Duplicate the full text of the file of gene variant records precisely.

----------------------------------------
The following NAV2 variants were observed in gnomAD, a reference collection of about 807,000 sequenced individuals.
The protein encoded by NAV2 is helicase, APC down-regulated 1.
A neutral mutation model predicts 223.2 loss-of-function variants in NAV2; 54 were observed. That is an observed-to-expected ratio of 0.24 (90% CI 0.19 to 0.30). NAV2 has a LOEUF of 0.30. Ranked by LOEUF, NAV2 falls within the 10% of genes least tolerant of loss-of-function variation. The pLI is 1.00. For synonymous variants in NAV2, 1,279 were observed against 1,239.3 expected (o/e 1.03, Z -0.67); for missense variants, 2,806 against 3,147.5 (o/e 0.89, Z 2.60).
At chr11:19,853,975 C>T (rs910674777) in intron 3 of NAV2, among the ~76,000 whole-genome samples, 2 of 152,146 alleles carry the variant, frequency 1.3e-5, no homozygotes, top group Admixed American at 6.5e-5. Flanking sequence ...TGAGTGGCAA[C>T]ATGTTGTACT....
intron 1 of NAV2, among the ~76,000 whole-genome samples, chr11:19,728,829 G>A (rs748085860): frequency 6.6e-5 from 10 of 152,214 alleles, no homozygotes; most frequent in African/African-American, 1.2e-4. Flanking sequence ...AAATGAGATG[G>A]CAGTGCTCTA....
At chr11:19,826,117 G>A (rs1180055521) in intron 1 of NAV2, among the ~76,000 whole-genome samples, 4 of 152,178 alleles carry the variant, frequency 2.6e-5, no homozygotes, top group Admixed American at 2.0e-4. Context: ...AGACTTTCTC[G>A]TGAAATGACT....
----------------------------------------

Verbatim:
The following NAV2 variants were observed in gnomAD, a reference collection of about 807,000 sequenced individuals.
The protein encoded by NAV2 is helicase, APC down-regulated 1.
A neutral mutation model predicts 223.2 loss-of-function variants in NAV2; 54 were observed. That is an observed-to-expected ratio of 0.24 (90% CI 0.19 to 0.30). NAV2 has a LOEUF of 0.30. Ranked by LOEUF, NAV2 falls within the 10% of genes least tolerant of loss-of-function variation. The pLI is 1.00. For synonymous variants in NAV2, 1,279 were observed against 1,239.3 expected (o/e 1.03, Z -0.67); for missense variants, 2,806 against 3,147.5 (o/e 0.89, Z 2.60).
At chr11:19,853,975 C>T (rs910674777) in intron 3 of NAV2, among the ~76,000 whole-genome samples, 2 of 152,146 alleles carry the variant, frequency 1.3e-5, no homozygotes, top group Admixed American at 6.5e-5. Flanking sequence ...TGAGTGGCAA[C>T]ATGTTGTACT....
intron 1 of NAV2, among the ~76,000 whole-genome samples, chr11:19,728,829 G>A (rs748085860): frequency 6.6e-5 from 10 of 152,214 alleles, no homozygotes; most frequent in African/African-American, 1.2e-4. Flanking sequence ...AAATGAGATG[G>A]CAGTGCTCTA....
At chr11:19,826,117 G>A (rs1180055521) in intron 1 of NAV2, among the ~76,000 whole-genome samples, 4 of 152,178 alleles carry the variant, frequency 2.6e-5, no homozygotes, top group Admixed American at 2.0e-4. Context: ...AGACTTTCTC[G>A]TGAAATGACT....